Benwood, WV booming once again, ready for more - WOWK 13 Charleston, Huntington WV News, Weather, Sports

Benwood, WV booming once again, ready for more

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Photo courtesy of Frank Longwell Photo courtesy of Frank Longwell
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Frank Longwell doesn't hold back when he describes Benwood as a boom town.

In fact, he confidently predicts that economic favor will rest on his beloved hometown for many years — even decades — to come.

Longwell, Benwood's Police Chief for 30 years, also has the titles of Economic Development Director and Public Safety Officer.

Drilling the abundance of gas below the surface in this Marshall County community has brought plenty of attention — and investment — to Benwood and the surrounding area.

“We are definitely taking advantage of the drilling industry and the boom as they call it,” he said. “Our industry here has definitely picked up,” Longwell added. “We look for it to last, well into the future.

“In talking to a lot of the energy companies, they tell me that if you look at it like a baseball game, we're not even to the first inning yet.”

Right place, right time

Longwell cites Benwood's location as a primary advantage of the gas boom.

“We have the real estate here, and we have the magic recipe,” he said. “We have the (Ohio) river which runs parallel to our industrial property. We have a major railroad that could be serviced from both the states of Ohio and West Virginia. And we have a four-lane highway for easy access, with Interstate 70 and (Interstate) 470.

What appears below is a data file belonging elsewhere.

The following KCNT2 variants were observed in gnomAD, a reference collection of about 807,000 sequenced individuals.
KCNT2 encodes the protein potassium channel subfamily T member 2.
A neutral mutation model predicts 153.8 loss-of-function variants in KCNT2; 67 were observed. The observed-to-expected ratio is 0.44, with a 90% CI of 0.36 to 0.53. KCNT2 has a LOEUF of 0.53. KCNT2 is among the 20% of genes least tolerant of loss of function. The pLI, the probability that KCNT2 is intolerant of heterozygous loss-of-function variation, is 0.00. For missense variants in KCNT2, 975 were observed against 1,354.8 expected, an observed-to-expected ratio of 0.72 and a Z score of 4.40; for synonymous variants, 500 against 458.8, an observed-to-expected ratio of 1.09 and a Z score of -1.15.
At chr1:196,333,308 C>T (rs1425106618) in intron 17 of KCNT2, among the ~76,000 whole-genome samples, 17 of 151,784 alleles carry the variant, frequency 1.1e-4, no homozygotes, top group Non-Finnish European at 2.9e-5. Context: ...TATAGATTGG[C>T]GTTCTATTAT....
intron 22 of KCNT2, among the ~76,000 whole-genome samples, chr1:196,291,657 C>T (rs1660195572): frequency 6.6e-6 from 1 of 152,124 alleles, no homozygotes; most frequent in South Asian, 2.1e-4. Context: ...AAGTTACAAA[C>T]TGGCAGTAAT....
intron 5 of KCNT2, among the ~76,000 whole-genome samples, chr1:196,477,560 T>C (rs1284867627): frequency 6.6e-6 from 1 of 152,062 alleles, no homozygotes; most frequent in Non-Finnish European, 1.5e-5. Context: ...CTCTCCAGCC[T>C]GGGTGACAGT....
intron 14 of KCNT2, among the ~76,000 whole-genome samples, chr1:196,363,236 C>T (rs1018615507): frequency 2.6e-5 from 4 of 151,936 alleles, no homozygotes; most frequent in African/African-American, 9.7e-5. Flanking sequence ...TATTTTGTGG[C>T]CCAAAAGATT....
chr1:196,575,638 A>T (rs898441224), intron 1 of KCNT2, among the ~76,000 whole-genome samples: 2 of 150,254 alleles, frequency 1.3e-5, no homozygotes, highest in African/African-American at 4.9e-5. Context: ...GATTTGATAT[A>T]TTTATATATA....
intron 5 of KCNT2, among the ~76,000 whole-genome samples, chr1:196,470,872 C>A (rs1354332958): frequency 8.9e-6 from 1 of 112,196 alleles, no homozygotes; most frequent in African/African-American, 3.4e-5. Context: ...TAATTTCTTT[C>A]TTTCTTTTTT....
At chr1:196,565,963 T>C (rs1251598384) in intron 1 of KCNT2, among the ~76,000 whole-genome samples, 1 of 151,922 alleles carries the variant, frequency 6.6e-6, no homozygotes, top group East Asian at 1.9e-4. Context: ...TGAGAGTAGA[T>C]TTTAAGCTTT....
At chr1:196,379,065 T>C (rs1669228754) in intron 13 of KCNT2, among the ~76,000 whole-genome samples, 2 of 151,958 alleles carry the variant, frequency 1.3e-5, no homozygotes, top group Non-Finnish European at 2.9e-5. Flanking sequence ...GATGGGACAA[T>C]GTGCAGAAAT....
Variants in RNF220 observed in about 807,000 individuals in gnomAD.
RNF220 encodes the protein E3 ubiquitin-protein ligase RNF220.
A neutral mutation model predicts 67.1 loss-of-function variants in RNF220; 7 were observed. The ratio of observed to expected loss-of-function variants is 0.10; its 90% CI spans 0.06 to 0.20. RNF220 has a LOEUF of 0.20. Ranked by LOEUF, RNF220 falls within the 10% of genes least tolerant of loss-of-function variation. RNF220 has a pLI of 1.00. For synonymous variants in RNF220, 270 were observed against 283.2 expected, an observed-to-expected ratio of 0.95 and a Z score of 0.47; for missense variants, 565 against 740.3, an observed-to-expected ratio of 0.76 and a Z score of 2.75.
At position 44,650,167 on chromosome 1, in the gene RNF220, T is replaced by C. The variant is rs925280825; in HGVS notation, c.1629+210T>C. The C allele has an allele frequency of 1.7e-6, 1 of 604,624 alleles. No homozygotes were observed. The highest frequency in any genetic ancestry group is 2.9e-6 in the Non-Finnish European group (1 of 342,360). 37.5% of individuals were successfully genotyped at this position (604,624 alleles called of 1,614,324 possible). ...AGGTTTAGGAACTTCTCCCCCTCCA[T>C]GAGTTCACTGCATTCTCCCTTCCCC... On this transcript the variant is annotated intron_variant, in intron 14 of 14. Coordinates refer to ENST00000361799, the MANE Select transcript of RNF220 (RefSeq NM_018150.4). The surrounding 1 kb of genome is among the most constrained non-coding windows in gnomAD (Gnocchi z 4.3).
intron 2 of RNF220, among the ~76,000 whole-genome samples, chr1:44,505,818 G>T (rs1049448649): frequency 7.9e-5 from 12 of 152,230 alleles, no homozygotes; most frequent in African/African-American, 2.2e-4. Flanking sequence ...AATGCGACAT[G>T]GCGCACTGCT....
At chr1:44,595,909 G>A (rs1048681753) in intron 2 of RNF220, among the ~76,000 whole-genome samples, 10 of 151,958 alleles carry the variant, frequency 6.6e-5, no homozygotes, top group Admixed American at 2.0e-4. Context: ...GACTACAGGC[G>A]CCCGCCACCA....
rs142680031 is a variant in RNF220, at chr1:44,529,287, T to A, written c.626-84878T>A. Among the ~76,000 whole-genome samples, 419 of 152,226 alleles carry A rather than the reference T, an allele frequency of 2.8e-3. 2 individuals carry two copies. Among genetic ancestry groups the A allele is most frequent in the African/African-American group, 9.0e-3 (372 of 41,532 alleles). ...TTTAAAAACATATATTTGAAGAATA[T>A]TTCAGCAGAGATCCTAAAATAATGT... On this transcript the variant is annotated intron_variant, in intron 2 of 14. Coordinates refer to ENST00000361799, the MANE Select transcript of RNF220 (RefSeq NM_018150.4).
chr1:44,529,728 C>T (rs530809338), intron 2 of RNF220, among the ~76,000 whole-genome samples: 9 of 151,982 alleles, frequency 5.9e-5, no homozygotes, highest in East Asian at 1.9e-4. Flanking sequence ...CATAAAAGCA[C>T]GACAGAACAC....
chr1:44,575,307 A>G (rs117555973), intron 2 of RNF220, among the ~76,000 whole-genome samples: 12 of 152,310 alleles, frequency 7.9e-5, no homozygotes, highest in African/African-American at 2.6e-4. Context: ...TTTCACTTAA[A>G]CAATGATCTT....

“For a small community, we're in the right place at the right time.”

Benwood's future doesn't hinge only on gas and drilling however, Longwell said.

“Murray Energy bought a Consol mine in our city a couple of years ago,” he explained. “They're doing a big expansion on that coal processing plant, upwards to the amount of $125 million.”

Longwell said it's fortunate that amid a downturn in West Virginia's coal industry, the Upper Ohio Valley's mines are still producing.

“Murray felt confidant to spend over $100 million in new capital here at the Marshall County Mine in Moundsville,” he said. “They've tripled production out of that mine.”

That type of report will allow a town to be bullish on an industry that otherwise is struggling.

“We're not sharing the view that coal is done, like a lot of other parts of the state,” Longwell said. “Marshall County is the top coal producing county in the state. It doesn't look like it's going to slow down anytime soon.”

Stability through diversification

Other industry around Benwood could promise even more stability through diversification.

“We also have a company with the fracking sand facility in our town, that's a several million dollar project,” Longwell said. “A large portion of fracking water comes out of our city. The material that they use to hold the drilling bits down, the fracking mud, there's a $5 million facility for that in our town.

“We sell some city water to the industry, which helps our water department out. It's been a pretty busy time for us around here.”